The Nature Conservancy recently released its second annual report showing the "big picture" of yearly California salmon runs. A collaborative effort between the California Department of Fish and Wildlife, the National Marine Fisheries Service and several other conservation groups
, the report includes a database of salmon counts for Coho, Chinook and steelhead returning to spawn in 2013.
The conservancy counted an overall increase of 25,000 in total salmon population from 2012. Despite these encouraging increases, the number of wild salmon in our region are far below target population numbers. Target population numbers are determined by the National Oceanic and Atmospheric Administration, and population estimates are done by the California Department of Fish and Wildlife.
Redwood Creek saw less than a quarter of returning coho necessary to take the fish off the endangered species list (705 vs. 4,900). In the Humboldt Bay Tributaries watershed
, of which only the salmon population in Freshwater Creek was estimated, researchers counted only 155 Coho (with 2,300 needed in the creek), 127 steelhead (1,500 needed), and no Chinook. The middle/upper Klamath River watershed had 19,405 spawning Chinook salmon. The Mattole River watershed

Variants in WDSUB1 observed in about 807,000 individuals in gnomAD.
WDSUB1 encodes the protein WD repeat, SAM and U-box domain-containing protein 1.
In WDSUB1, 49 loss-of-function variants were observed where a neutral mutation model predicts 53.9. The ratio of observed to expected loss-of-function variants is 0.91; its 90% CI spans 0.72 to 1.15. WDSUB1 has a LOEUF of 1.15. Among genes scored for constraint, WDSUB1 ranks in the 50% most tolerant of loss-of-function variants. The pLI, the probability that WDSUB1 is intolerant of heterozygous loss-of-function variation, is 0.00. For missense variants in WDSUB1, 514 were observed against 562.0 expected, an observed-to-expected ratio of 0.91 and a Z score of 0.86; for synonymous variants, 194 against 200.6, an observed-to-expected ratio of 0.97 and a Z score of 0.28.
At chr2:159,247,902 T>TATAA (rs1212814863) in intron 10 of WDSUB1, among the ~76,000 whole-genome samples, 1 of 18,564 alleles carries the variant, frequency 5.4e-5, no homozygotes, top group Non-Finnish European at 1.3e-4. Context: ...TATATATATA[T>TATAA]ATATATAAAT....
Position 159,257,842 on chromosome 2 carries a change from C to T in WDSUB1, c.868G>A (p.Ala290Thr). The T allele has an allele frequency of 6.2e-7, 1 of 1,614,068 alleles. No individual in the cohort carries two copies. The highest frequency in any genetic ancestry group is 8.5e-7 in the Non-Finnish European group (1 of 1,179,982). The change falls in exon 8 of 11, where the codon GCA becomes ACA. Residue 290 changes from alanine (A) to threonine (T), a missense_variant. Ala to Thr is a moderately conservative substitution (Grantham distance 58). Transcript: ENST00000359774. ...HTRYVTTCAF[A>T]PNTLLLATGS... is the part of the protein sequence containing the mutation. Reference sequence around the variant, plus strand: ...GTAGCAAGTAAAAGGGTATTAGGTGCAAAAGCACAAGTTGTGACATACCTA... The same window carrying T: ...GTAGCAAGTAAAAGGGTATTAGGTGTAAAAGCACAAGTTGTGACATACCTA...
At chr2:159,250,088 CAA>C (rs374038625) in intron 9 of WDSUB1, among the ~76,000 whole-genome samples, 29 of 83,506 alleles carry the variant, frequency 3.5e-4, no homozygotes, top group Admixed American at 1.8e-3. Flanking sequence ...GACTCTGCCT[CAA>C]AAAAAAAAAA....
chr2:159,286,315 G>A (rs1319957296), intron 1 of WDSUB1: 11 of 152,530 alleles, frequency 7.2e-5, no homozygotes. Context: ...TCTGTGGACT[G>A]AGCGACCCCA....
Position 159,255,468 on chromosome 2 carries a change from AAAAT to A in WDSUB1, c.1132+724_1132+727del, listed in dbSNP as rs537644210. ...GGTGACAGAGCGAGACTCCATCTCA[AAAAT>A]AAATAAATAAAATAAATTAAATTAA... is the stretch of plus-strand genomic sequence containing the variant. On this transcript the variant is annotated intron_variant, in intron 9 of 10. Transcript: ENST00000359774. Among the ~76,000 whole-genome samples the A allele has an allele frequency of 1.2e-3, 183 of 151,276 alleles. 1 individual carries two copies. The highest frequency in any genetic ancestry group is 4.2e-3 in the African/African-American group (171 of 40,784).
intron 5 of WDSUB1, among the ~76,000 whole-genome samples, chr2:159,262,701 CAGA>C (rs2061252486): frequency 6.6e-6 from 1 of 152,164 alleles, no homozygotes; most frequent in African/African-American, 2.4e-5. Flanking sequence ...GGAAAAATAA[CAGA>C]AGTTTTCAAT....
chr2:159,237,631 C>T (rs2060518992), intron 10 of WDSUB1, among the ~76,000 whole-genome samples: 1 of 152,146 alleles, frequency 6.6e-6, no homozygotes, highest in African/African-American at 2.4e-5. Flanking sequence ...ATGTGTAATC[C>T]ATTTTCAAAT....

saw just 14 Coho, 1,799 Chinook and 328 steelhead.
Despite these low numbers, Lisa Hulette, senior project director of the Conservancy's salmon program, said there is cause for cautious optimism.
"It does look kind of grim, especially if you look at Humboldt Bay Tributaries," she said. "Coho in particular are struggling, but there are some increases in some areas. Coho are on the brink, but they’re not gone. Chinook and steelhead are a little more resilient. If we are to follow the trend, next year we should see an increase."
The Nature Conservancy also features a drought dashboard
with data from the U.S. Geographical Survey Waterwatch, which compares current flow gauges against historic data. Redwood Creek, Bull Creek and Mad River are all flowing at below normal. The Mattole
, Eel and Van Duzen rivers are rated as "much below normal." This is in keeping with the statewide trend, which shows that 60 percent of California rivers are flowing at below normal rates, including four percent that have reached historic lows.
Predictions of a stormy "El Niño" winter, which should bring some rain, do not mean an end to California's historic drought, according to
NOAA. And the warm waters of an El Niño year
may also mean insufficient food for salmon, reducing their numbers further.
Salmon fans can get a glimpse of our gilled friends using this live Salmon Cam
, due to be updated soon with footage of Chinook spawning in the Shasta River.